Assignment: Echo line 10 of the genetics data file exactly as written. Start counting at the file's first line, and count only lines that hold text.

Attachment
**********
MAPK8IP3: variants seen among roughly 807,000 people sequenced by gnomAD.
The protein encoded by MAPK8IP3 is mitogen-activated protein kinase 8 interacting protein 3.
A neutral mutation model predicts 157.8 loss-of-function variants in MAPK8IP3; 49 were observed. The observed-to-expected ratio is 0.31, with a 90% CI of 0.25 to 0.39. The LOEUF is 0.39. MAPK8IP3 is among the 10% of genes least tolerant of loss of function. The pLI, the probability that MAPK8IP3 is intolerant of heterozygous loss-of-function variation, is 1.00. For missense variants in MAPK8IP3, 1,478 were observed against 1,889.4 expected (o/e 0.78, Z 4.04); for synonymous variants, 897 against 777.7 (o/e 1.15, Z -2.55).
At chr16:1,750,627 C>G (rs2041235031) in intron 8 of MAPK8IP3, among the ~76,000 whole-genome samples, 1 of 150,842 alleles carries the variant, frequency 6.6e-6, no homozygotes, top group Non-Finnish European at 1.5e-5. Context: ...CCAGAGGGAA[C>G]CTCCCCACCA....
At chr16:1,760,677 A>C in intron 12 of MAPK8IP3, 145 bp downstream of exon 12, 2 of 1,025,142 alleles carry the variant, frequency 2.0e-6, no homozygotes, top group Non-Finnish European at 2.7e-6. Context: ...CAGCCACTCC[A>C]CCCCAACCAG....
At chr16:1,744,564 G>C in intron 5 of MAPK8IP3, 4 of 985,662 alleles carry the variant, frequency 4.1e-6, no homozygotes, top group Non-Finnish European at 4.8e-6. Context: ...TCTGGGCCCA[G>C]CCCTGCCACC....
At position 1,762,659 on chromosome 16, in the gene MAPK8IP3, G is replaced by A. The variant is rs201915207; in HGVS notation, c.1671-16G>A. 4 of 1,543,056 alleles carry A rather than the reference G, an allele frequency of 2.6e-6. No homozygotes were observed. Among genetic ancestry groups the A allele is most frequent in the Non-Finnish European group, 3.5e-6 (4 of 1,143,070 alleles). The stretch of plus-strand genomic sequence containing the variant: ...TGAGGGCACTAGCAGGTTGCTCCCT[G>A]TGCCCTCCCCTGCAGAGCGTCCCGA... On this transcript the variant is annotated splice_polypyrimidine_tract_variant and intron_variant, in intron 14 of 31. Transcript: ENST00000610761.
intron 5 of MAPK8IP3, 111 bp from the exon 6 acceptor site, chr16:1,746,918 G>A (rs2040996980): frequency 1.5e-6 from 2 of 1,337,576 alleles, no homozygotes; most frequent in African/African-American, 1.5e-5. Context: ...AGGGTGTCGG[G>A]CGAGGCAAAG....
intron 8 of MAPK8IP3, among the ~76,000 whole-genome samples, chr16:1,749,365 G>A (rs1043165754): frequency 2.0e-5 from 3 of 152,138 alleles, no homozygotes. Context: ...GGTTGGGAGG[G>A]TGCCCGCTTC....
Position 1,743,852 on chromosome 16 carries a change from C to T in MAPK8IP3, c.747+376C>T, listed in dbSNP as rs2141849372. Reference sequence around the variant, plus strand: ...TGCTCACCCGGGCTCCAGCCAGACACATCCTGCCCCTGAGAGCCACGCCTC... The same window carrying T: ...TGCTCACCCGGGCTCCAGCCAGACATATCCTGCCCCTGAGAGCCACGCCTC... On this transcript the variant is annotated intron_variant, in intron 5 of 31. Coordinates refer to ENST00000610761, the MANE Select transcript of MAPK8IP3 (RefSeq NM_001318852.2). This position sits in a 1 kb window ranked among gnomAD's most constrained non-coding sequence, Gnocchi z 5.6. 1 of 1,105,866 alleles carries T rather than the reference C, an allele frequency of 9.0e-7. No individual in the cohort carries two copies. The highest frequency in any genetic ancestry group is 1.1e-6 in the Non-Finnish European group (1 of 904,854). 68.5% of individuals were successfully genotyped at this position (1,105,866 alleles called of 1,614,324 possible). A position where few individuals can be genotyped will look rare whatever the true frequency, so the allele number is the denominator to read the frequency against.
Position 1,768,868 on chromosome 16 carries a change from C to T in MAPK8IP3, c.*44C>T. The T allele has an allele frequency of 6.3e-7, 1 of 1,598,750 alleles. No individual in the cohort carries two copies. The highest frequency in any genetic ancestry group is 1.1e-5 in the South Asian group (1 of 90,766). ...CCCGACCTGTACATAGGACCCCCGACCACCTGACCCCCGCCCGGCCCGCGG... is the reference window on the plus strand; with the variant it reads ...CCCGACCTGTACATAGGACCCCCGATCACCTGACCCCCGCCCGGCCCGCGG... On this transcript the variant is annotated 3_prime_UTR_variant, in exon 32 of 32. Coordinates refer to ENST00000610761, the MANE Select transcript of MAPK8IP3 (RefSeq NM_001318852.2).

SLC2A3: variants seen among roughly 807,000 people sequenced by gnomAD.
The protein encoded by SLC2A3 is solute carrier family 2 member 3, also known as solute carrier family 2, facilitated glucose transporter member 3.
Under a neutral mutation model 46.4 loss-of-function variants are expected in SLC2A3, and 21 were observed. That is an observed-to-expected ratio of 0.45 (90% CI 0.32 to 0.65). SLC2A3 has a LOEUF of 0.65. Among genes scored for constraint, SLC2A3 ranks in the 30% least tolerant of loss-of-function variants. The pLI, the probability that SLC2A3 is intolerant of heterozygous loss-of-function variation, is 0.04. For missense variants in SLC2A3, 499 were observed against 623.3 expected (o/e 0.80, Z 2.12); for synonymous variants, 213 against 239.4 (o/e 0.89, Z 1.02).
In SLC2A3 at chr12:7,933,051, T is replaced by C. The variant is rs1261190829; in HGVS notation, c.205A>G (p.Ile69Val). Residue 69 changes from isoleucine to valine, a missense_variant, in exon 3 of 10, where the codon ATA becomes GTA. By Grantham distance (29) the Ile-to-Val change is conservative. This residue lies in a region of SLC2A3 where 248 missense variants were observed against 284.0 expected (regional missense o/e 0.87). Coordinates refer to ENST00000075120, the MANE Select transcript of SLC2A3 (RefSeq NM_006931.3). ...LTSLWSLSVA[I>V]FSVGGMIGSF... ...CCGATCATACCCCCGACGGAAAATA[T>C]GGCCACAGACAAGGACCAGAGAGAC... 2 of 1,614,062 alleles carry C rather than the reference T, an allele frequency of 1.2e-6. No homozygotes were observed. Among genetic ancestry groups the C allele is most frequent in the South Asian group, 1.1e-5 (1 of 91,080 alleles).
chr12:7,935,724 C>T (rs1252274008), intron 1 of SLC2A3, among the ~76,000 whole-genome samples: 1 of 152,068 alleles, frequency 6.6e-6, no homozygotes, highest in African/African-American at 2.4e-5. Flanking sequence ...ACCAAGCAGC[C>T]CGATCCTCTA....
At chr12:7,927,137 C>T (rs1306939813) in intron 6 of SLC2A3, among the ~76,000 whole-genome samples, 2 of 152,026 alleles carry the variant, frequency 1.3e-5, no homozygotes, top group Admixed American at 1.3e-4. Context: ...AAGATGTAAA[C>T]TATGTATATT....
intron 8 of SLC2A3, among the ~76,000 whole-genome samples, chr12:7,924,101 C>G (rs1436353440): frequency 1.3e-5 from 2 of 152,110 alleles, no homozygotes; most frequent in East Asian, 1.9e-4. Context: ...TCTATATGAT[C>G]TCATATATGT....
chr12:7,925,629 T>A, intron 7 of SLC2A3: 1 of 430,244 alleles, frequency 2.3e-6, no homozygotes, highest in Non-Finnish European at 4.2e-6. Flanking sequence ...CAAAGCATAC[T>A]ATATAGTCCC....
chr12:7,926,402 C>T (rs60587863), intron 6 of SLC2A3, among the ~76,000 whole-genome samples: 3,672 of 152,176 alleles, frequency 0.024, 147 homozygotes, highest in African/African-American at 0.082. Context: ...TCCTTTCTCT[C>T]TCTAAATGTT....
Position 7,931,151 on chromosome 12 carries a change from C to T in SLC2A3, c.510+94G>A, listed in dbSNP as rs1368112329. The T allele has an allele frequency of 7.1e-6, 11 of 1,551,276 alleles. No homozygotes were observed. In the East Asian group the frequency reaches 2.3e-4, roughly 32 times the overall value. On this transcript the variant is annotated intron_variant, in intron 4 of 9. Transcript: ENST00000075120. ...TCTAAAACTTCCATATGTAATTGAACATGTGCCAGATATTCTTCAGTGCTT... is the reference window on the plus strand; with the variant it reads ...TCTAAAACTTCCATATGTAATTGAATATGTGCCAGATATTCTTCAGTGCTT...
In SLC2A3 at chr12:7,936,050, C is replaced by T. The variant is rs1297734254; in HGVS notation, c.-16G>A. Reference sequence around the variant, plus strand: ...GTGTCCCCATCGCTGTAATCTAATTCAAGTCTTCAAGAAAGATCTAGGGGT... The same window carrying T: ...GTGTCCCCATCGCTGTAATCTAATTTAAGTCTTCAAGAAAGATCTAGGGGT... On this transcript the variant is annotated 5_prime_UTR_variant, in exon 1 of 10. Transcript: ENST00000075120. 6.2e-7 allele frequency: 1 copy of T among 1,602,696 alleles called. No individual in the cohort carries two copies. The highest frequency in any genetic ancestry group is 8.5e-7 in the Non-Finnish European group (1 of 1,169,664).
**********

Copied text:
Position 1,743,852 on chromosome 16 carries a change from C to T in MAPK8IP3, c.747+376C>T, listed in dbSNP as rs2141849372. Reference sequence around the variant, plus strand: ...TGCTCACCCGGGCTCCAGCCAGACACATCCTGCCCCTGAGAGCCACGCCTC... The same window carrying T: ...TGCTCACCCGGGCTCCAGCCAGACATATCCTGCCCCTGAGAGCCACGCCTC... On this transcript the variant is annotated intron_variant, in intron 5 of 31. Coordinates refer to ENST00000610761, the MANE Select transcript of MAPK8IP3 (RefSeq NM_001318852.2). This position sits in a 1 kb window ranked among gnomAD's most constrained non-coding sequence, Gnocchi z 5.6. 1 of 1,105,866 alleles carries T rather than the reference C, an allele frequency of 9.0e-7. No individual in the cohort carries two copies. The highest frequency in any genetic ancestry group is 1.1e-6 in the Non-Finnish European group (1 of 904,854). 68.5% of individuals were successfully genotyped at this position (1,105,866 alleles called of 1,614,324 possible). A position where few individuals can be genotyped will look rare whatever the true frequency, so the allele number is the denominator to read the frequency against.